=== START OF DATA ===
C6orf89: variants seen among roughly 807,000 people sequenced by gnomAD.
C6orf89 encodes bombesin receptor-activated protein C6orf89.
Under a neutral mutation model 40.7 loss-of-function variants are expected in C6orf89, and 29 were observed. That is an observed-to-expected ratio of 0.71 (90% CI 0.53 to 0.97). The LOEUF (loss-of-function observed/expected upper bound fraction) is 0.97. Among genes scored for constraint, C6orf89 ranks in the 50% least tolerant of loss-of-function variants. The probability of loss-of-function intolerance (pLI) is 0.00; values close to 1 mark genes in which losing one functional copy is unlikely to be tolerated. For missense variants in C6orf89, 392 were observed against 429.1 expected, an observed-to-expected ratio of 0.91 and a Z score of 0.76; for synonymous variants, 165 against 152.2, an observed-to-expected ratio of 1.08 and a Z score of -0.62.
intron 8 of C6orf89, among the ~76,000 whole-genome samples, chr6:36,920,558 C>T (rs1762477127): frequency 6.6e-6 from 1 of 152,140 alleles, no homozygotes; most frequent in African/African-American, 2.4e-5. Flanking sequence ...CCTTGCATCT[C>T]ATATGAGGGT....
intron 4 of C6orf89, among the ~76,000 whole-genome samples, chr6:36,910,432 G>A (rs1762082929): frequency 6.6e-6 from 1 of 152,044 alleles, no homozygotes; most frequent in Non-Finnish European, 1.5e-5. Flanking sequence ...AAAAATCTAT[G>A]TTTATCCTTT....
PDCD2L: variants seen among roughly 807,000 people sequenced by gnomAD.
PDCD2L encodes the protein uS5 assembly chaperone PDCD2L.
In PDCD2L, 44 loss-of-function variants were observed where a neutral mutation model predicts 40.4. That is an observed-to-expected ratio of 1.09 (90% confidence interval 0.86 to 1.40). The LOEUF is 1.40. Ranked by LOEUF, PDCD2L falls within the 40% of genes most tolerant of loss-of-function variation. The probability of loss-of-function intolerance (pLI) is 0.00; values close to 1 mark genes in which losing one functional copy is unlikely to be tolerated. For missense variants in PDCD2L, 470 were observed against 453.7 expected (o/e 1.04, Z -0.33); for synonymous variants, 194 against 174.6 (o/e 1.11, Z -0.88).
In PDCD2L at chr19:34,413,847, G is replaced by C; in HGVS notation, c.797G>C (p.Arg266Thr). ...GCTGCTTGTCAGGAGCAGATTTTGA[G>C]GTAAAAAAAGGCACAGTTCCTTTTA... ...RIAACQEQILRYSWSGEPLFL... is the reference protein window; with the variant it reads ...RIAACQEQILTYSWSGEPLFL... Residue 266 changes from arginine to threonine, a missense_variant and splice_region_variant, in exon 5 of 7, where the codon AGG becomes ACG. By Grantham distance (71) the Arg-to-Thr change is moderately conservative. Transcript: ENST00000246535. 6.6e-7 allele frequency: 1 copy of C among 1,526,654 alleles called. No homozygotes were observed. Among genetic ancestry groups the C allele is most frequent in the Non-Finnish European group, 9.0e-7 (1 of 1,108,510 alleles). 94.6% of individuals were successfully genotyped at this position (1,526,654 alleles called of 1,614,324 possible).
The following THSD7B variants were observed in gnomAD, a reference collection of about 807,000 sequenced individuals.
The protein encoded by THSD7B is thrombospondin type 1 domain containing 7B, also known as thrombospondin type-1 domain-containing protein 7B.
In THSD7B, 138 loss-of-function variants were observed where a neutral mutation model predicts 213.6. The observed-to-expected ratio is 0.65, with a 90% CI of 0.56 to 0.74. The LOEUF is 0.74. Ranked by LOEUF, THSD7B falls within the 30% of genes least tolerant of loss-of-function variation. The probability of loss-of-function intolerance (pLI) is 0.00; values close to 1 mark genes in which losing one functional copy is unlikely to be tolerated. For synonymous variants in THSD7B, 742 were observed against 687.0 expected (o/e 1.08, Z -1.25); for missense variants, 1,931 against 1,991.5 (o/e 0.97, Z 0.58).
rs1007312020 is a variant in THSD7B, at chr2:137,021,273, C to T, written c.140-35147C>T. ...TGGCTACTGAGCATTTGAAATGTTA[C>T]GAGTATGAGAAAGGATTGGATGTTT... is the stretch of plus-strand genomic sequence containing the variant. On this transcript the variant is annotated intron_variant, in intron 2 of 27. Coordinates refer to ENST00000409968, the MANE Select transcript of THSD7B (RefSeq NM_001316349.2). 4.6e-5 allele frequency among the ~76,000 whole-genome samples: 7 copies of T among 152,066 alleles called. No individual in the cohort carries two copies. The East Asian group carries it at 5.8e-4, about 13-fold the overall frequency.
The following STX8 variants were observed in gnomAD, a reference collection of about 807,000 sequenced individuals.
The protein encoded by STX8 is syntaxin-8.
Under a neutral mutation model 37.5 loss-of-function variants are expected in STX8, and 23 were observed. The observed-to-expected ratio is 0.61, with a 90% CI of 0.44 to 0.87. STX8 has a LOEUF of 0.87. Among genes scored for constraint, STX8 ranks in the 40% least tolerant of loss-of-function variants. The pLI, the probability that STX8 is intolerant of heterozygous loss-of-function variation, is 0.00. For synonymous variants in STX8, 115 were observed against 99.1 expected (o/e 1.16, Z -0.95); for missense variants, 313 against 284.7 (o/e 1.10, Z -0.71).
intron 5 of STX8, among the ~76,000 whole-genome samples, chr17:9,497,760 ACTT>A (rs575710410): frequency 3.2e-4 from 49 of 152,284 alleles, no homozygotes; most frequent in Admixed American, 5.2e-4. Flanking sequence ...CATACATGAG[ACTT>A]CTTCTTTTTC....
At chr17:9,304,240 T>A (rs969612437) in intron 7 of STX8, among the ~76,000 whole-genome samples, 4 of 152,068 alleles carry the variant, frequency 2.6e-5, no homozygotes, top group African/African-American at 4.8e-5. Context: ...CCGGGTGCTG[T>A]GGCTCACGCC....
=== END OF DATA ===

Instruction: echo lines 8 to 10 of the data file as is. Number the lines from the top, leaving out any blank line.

In PDCD2L, 44 loss-of-function variants were observed where a neutral mutation model predicts 40.4. That is an observed-to-expected ratio of 1.09 (90% confidence interval 0.86 to 1.40). The LOEUF is 1.40. Ranked by LOEUF, PDCD2L falls within the 40% of genes most tolerant of loss-of-function variation. The probability of loss-of-function intolerance (pLI) is 0.00; values close to 1 mark genes in which losing one functional copy is unlikely to be tolerated. For missense variants in PDCD2L, 470 were observed against 453.7 expected (o/e 1.04, Z -0.33); for synonymous variants, 194 against 174.6 (o/e 1.11, Z -0.88).
In PDCD2L at chr19:34,413,847, G is replaced by C; in HGVS notation, c.797G>C (p.Arg266Thr). ...GCTGCTTGTCAGGAGCAGATTTTGA[G>C]GTAAAAAAAGGCACAGTTCCTTTTA... ...RIAACQEQILRYSWSGEPLFL... is the reference protein window; with the variant it reads ...RIAACQEQILTYSWSGEPLFL... Residue 266 changes from arginine to threonine, a missense_variant and splice_region_variant, in exon 5 of 7, where the codon AGG becomes ACG. By Grantham distance (71) the Arg-to-Thr change is moderately conservative. Transcript: ENST00000246535. 6.6e-7 allele frequency: 1 copy of C among 1,526,654 alleles called. No homozygotes were observed. Among genetic ancestry groups the C allele is most frequent in the Non-Finnish European group, 9.0e-7 (1 of 1,108,510 alleles). 94.6% of individuals were successfully genotyped at this position (1,526,654 alleles called of 1,614,324 possible).
The following THSD7B variants were observed in gnomAD, a reference collection of about 807,000 sequenced individuals.